The Swift Erosion of Online Trust

The break-in and theft of security certificates from a Dutch authority brought home, once again, how vulnerable Web browsers can be to hackers pretending to be who they’re not.

The authority, DigiNotar, is one of many that issue security certificates for websites. The digital certificates tell a browser to “trust” content coming from a certain site. Certificates for such sites are preloaded into most browsers. If something goes awry at the certificate issuing authority, browser makers usually need to patch their products to address the problem. That can open a window of opportunity for certificate thieves.

What the hacker or hackers did in the DigiNotar case was break into the authority and issue certificates to themselves for popular websites, such as Google. Although the stolen certificates were quickly revoked, one managed to make it to the wild.

“That’s the first time that’s ever happened that we’ve known about,” Seth Schoen a senior staff technologist with the Electronic Frontier Foundation, told TechNewsWorld.

By using the certificate to set up a server and intercept traffic headed toward a legitimate website, the hacker was able to stage a classic man-in-the-middle attack.

“Someone in Iran was able to spy on hundreds of thousands of people’s communications with Google,” Schoen said.

Back in Time

“To my knowledge, it’s the biggest man-in-the-middle attack that we’ve ever seen to date,” Melih Abdulhayoglu, CEO of certificate authority Comodo, told TechNewsWorld.

In March, a certificate theft similar to the one at DigiNotar took place at some authorities associated with Comodo. In fact, a single hacker, whose handle is “Comodohacker,” claimed responsibility for both smash-and-grabs. The purported motive behind the attacks was to punish opponents of the Iranian government and detractors of Islam.

There are several technological solutions in various stages of implementation that could have an impact on the theft of certificates, but Abdulhayoglu argued that the best solution doesn’t involve technology at all.

The problem is that the certificate infrastructure connects to the Internet where it can be accessed by hackers, he explained. A gap must be created between the back end of the system, which issues certificates, and the front end, where entities apply for certificates.

That can be done, continued Abdulhayoglu, by disconnecting the system that issues certificates from any network device and issuing certificates manually by a person who could authenticate to whom the certificate is being issued.

“That’s how it used to work in the early days,” he said. “Then the whole industry automated it to make it cheaper, and now we’re seeing the result of that.”

Android Security Rapped

Both the Kasperksy Lab and the Yankee Group issued reports last week critical of the security in the Google Android ecosystem. Kaspersky noted in its malware report for August that Android malware was growing as fast as the phones running it were selling.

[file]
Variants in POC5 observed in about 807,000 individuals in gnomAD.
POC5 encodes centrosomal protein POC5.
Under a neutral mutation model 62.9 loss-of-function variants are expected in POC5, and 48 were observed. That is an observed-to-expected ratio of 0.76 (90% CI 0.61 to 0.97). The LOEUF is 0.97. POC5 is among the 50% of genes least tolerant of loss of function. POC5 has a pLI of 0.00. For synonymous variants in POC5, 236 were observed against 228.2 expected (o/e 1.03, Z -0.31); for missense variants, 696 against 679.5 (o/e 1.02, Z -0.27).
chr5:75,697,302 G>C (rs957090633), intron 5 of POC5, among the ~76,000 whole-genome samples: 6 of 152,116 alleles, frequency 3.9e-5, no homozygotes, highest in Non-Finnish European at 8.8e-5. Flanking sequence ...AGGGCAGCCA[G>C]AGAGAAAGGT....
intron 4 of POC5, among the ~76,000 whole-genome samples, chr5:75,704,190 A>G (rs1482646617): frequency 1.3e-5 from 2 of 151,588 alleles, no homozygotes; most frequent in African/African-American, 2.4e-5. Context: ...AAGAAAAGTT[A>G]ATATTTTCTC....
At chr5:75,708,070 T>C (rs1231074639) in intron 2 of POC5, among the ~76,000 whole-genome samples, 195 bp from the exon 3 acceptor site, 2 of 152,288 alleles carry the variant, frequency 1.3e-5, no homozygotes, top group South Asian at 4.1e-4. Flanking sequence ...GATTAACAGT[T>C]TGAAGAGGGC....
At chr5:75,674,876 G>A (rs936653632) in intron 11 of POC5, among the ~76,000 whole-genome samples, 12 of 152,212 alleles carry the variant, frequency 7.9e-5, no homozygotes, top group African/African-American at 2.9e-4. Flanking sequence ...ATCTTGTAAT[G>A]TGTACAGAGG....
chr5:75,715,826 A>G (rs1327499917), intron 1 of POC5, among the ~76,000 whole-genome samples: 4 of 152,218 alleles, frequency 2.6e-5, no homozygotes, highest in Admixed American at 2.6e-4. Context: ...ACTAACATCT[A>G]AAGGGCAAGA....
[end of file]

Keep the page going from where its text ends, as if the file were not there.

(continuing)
“In early August 2010, the first-ever malicious program for the Android operating system was detected…,” the cybersecurity software maker says in its report. “Today, threats designed for Android represent approximately 23 percent of the overall number of detected threats targeting mobile platforms.”

Worse yet, the operating system is becoming a favorite of mobile marauders. In August alone, 85 percent of all smartphone threats were aimed at Android devices.

Another problem in Android Land is piracy. More than a quarter (27 percent) of developers participating in a Yankee/Skyhook survey saw piracy as a huge problem, and another 26 percent saw it as “somewhat of a problem.” Worse yet, more than half the developers (53 percent) felt Google was contributing to the problem with its lax Android Market policies.

Hackers Celebrate 9/11

Thankfully, commemorative ceremonies for the 10th anniversary of the terrorist attacks on New York City and Washington, D.C., were held without a hitch last weekend. While things were copacetic in the real world, it was less so in the virtual realm.

Just as the 9/11 weekend was about to kick off on Friday, hackers broke into the Twitter account of NBC News and posted a series of tweets declaring that first one passenger plane, then another crashed into Ground Zero in New York City. In less than 10 minutes, though, the intrusion was discovered and the offensive messages removed from the news organization’s Twitter feed.

Sony Taps DHS Vet for CSO

Earlier this year, entertainment company Sony was victimized in one of the largest data breaches ever. Personal information from some 77 million users of its PlayStation network was snatched by hackers. Following the incident, Sony vowed to take the security of its systems more seriously. True to that vow, the company announced last week that it was bringing aboard Phil Reitinger as senior vice president and chief information security officer.

Reitinger is a high-profile name in the security community. A former high-ranking official in the U.S. Department of Homeland Security, where he served as Deputy Under Secretary of the National Protection and Programs Directorate (NPPD) and Director of the National Cyber Security Center (NCSC), his responsibilities included protecting the federal government’s computer systems from domestic and foreign attacks. He has also done cybersecurity stints with the U.S. Defense and Justice deparments, as well as with Microsoft.

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